Tennis

Weight of nation too much for Stosur

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Richard Evans

Richard Evans has covered tennis since the 1960s, reporting on more than 150 Grand Slams. He is author of 15 books, including the official history of the Davis Cup and the unofficial history of the modern game in "Open Tennis." Follow him on Twitter.

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MELBOURNE, AUSTRALIA

Remember the Sam Stosur who won the US Open with such style and panache last September? That Sam Stosur doesn't play in Australia. Back home, with the weight of expectation on her shoulders, this fine tennis player and likable personality turns into an altogether less confident figure who appears quite unable to reproduce the kind of tennis that proved too much for Serena Williams in New York.

On Rod Laver Arena in the first round of the Australian Open, the local Stosur, as opposed to the international Stosur, lost 7-6, 6-3 to Sorana Cirstea, a Romanian who finished last year ranked No. 60, having once been as high as 23. So Cirstea can play at a high level but, in truth, she didn't have to.

Stosur broke serve twice in the first set only to lose her own immediately on both occasions. She tried slicing her backhand, varying her pace, going for her shots, but little worked because her shoulders were like boards and her legs wouldn't move.

Cirstea went for everything and, in between mistakes, hit some terrific winners. Afterwards she joked that the critics had been saying what an easy draw Stosur had so she decided to show everyone who she was. "And now everyone in Australia probably hates me," she laughed.

For Stosur, emotion was at the other end of the spectrum. Honest and open as ever in press conference, Sam admitted, "I'm probably very close to crying, having a really awful night. But I think you feel what you feel, whether it's good or bad. It's hard to suppress those emotions when it means so much to you."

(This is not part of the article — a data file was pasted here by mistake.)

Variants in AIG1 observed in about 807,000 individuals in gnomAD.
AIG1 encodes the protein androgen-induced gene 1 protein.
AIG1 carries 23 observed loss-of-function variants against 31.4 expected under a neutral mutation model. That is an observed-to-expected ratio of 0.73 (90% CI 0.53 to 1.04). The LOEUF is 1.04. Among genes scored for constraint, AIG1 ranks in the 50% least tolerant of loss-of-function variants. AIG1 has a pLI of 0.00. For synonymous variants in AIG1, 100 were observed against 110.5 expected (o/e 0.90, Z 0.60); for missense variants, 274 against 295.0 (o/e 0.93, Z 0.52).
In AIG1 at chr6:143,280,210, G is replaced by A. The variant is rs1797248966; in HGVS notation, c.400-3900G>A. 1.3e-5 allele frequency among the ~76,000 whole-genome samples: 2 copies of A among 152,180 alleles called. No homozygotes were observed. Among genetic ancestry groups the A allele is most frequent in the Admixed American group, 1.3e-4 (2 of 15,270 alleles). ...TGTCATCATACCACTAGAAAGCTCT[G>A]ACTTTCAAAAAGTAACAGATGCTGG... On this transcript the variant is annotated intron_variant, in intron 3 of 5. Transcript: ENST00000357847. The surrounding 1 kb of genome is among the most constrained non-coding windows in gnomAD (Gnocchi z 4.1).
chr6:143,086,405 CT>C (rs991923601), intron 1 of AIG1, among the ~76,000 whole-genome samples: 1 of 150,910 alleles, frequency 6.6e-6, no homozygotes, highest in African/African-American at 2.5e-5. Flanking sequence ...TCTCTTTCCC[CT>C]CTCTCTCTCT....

And that's the problem. It means so much to her and all her Aussie fans.

"I know everyone is behind me but I think for sure the expectation affects you physically and that's probably the easiest thing for people to see. Your shoulders do get tight, you don't hit through the ball. When anyone's nervous the first thing that goes is your footwork. You don't move your feet as well. Once that breaks down, it's easy for other things to start breaking down."

2012 AUSTRALIAN Open

2012 Australian Open

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In nine attempts, Stosur has only twice got as far as the fourth round at Melbourne Park. Yet she has been in the semifinal and final of the French Open and, of course, landed the biggest prize of all at Flushing Meadows.

"I guess the US Open final, the way I played and everything, is the absolute pinnacle of where you want to get to. Now I know that is possible. You want to keep pushing for that. It is unrealistic to think that you are going to play like every single time. That's kind of hard to deal with as well. You know it's there but why doesn't it happen over and over and over again?"

So many athletes have asked that question and come up short with the answer. But Sam will take a break and come back for more. And one day she might be able to show her loyal fans the other Stosur.

Wimbledon champion Petra Kvitova, a strong contender here, used her power to demolish the 86th-ranked Russian Vera Dushevina 6-2, 6-0 while Maria Sharapova, fit again after her ankle problems, relished feeling good on court again and beat her former doubles partner Gisela Dulko 6-0, 6-1. The last time they had played in a Slam, the Argentine had won so Sharapova was on her guard.

"She can definitely play some really good tennis," she said. "I think I just mentally prepared for that. I think I played pretty aggressive and she's someone who likes to have time to create her shots so it was important to take that away from her."

Sloane Stephens, one of America's brighter hopes who progressed to the third round of the US Open last September, claimed her third victory at the Grand Slam level in impressive style by defeating Spain's Silvia Soler-Espinosa 6-4, 6-2.

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